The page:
Pelosi embarks on 'tricky business' of passing climate bill

A successful vote Friday could give the administration momentum on its biggest priority: healthcare reform.

Susan Walsh/AP
House Ways and Means ranking Republican Rep. Dave Camp (R) of Michigan, center, holds up a copy of the Waxman-Markey climate change legislation during a news conference on Capitol Hill Friday.

If all goes according to the Democrats’ plan, climate change legislation will pass the House on Friday.

The vote is likely to be close, and the bill’s contents are not exactly what many environmentalists were hoping for. But the point is to get something of what President Obama wanted, thus allowing him – and House Speaker Nancy Pelosi – to claim victory on a top priority.

The bill calls for a reduction in US greenhouse gas emissions by 17 percent over 2005 levels by 2020, and a cut of 83 percent by 2050. The mechanism for achieving that goal is a “cap-and-trade” system, in which industries buy and trade permits that allow them to emit carbon in prescribed quantities. During the presidential campaign, Obama promised a cap-and-trade bill that would auction off 100 percent of emission permits. In reality, only a portion will be auctioned, and the rest given away.

But in Congress, a win is a win. And victory on the climate change bill – formally called the American Clean Energy and Security Act – would also create a sense of momentum as Congress tackles Obama’s biggest priority, healthcare reform. The willingness of the climate bill’s lead sponsors, Rep. Henry Waxman (D) of California and Rep. Edward Markey (D) of Massachusetts, to make significant compromises in the name of passage could be instructive, analysts say.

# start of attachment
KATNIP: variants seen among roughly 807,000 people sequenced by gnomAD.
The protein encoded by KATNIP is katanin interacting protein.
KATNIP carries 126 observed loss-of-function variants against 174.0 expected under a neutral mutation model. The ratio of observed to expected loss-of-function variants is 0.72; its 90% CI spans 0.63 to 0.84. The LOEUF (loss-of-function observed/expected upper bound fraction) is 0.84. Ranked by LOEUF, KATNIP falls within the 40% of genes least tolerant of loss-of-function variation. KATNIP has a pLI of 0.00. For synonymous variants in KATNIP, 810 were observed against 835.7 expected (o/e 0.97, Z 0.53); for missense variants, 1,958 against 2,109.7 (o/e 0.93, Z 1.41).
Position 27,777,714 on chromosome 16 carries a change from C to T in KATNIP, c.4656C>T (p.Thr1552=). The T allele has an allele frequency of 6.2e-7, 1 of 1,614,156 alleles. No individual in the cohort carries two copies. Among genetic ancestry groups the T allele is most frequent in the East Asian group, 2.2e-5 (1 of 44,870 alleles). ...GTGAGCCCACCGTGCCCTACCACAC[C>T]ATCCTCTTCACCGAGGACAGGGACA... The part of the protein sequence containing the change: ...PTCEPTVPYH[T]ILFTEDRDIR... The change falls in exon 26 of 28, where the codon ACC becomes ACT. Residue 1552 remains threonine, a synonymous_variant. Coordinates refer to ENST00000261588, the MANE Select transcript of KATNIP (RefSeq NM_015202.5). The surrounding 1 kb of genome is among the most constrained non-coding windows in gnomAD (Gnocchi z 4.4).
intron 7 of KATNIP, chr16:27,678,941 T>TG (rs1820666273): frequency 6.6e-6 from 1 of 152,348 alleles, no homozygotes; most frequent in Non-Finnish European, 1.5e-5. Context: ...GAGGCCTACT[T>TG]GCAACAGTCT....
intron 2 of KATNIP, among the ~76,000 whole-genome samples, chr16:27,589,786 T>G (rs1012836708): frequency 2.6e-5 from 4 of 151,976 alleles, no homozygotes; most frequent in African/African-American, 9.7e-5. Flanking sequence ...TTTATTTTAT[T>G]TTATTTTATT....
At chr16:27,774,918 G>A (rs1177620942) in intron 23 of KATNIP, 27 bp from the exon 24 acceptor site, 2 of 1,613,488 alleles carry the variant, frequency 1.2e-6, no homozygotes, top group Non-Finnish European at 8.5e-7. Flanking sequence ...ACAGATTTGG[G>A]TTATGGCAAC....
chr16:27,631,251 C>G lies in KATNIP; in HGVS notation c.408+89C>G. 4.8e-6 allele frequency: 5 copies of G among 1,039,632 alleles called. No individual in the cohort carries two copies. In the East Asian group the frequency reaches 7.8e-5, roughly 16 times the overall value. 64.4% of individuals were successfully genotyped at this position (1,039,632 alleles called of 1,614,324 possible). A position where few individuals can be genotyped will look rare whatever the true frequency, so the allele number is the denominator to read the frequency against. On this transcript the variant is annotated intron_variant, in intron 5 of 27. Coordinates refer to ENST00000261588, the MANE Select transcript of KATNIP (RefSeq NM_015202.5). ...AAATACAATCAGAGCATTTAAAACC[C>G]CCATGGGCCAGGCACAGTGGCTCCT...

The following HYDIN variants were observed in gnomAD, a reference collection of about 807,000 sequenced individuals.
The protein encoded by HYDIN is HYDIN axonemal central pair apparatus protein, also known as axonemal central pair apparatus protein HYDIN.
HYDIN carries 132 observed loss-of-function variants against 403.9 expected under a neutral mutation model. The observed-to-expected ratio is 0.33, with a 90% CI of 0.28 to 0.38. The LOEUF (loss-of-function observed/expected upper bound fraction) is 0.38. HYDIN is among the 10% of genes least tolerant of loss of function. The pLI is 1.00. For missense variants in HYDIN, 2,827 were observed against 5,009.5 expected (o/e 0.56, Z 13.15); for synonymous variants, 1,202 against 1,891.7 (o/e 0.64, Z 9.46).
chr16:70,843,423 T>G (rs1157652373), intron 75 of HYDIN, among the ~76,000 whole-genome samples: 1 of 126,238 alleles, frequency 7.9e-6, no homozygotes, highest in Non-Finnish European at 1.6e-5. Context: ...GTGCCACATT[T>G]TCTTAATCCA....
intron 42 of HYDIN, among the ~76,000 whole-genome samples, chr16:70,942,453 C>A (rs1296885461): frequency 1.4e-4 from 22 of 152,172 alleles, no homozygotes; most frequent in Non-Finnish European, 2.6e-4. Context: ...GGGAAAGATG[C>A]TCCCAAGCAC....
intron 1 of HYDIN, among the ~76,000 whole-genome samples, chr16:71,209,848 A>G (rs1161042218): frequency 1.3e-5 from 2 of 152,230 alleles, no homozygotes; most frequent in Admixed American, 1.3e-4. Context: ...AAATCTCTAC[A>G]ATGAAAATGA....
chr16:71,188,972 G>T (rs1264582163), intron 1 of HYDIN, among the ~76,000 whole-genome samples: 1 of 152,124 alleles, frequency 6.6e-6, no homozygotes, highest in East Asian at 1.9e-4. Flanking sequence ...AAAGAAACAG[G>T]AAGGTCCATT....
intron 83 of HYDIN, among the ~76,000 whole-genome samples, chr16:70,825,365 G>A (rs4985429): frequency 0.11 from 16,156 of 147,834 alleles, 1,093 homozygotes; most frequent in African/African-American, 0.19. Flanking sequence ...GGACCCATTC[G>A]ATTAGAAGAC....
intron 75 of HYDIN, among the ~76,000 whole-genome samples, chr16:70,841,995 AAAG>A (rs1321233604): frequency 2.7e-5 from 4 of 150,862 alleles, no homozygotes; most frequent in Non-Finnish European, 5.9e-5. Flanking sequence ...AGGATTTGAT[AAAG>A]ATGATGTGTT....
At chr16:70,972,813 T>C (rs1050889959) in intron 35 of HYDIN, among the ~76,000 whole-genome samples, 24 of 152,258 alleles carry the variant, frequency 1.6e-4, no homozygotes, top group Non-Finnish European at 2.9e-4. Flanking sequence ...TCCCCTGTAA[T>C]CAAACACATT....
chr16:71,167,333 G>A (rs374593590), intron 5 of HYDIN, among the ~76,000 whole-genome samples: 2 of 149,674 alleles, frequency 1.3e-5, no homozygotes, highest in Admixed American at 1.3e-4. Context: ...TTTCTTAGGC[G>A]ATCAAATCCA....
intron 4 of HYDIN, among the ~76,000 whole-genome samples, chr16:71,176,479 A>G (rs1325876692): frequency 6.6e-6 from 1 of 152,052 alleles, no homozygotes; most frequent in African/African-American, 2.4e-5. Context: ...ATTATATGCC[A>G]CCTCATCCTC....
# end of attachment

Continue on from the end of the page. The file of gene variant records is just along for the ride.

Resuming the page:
“It’s a template in some ways [for health reform], though it doesn’t pave the way,” says Norman Ornstein, a resident scholar at the American Enterprise Institute. Success in the House also doesn’t guarantee the same in the Senate.

“You have geographical impediments, not so much ideological or partisan impediments,” Mr. Ornstein says. “You just have too many Democratic senators from coal- or carbon-dominated states. Bringing them on board is going to be a very tricky business.”

Republicans argue that the bill is too expensive, and would cost American jobs. They would rather address the nation’s energy challenge by building more nuclear power plants.

On Tuesday, the Environmental Protection Agency (EPA) released a report saying that energy efficiency measures in the Waxman-Markey bill would save consumers 7 percent off their utility bills by 2020. Supporters of the bill have also touted figures from the nonpartisan Congressional Budget Office projecting the cost to the average American household of just $175 a year by 2020, or 48 cents a day.

As with the economic stimulus package Congress passed early this year, no Republicans are expected to vote for the climate bill.

Thus, the scramble for votes has been on the Democratic side. When a key holdout – Rep. Collin Peterson (D) of Minnesota – announced Tuesday that he would vote yes, that appeared to be a tipping point. Congressman Peterson is the House Agriculture Committee chair, and he fought hard for agricultural and rural interests.

One concession he received was to put authority over “agricultural offsets” – credits given to farmers for engaging in practices that keep carbon dioxide stored in soil – in the Agriculture Department, not the EPA.

Another critical moment in the fight for climate change legislation came Tuesday afternoon, when Obama pitched hard for it in his press conference. The bill “will spark a clean energy transformation that will reduce our dependence on foreign oil and confront the carbon pollution that threatens our planet,” he said.

Incentives in the bill “will finally make clean energy the profitable kind of energy,” Obama also said. “And that will lead to the development of new technologies that lead to new industries that could create millions of new jobs in America – jobs that can't be shipped overseas.”

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